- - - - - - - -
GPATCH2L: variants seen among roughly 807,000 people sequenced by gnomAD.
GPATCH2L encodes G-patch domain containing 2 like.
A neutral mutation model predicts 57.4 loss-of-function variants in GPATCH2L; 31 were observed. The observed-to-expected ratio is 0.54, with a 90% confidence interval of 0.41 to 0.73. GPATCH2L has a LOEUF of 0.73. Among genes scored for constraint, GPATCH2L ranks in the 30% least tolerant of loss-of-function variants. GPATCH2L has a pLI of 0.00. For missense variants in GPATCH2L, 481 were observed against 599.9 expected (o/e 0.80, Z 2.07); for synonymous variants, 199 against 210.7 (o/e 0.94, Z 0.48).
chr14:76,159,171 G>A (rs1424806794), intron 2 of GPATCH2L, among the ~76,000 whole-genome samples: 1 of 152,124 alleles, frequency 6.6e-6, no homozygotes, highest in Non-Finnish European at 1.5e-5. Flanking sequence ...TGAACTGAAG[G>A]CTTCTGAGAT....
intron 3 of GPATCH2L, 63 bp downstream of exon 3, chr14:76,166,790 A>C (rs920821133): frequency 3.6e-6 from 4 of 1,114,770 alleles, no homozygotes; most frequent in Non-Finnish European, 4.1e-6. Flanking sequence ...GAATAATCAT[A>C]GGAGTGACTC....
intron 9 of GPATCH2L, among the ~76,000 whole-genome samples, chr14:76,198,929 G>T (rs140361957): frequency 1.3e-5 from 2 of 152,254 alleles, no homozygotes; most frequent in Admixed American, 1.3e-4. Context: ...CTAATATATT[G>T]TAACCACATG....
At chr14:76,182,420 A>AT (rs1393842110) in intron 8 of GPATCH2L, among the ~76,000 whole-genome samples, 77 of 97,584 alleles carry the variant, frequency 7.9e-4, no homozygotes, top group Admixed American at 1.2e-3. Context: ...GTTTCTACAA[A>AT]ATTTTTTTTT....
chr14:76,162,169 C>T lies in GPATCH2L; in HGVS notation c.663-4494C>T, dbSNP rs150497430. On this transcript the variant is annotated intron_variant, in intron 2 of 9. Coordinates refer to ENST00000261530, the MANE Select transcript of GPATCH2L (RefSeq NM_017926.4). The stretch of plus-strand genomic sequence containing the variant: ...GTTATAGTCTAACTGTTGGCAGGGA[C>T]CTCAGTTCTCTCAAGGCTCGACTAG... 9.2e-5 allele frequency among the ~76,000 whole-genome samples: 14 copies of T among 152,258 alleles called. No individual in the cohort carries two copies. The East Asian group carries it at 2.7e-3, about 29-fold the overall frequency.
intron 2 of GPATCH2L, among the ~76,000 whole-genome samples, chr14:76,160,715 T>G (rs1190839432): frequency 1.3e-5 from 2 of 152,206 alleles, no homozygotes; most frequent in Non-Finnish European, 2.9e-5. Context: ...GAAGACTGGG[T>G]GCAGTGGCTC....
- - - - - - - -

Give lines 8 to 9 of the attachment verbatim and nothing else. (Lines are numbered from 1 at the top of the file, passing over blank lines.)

chr14:76,162,169 C>T lies in GPATCH2L; in HGVS notation c.663-4494C>T, dbSNP rs150497430. On this transcript the variant is annotated intron_variant, in intron 2 of 9. Coordinates refer to ENST00000261530, the MANE Select transcript of GPATCH2L (RefSeq NM_017926.4). The stretch of plus-strand genomic sequence containing the variant: ...GTTATAGTCTAACTGTTGGCAGGGA[C>T]CTCAGTTCTCTCAAGGCTCGACTAG... 9.2e-5 allele frequency among the ~76,000 whole-genome samples: 14 copies of T among 152,258 alleles called. No individual in the cohort carries two copies. The East Asian group carries it at 2.7e-3, about 29-fold the overall frequency.
intron 2 of GPATCH2L, among the ~76,000 whole-genome samples, chr14:76,160,715 T>G (rs1190839432): frequency 1.3e-5 from 2 of 152,206 alleles, no homozygotes; most frequent in Non-Finnish European, 2.9e-5. Context: ...GAAGACTGGG[T>G]GCAGTGGCTC....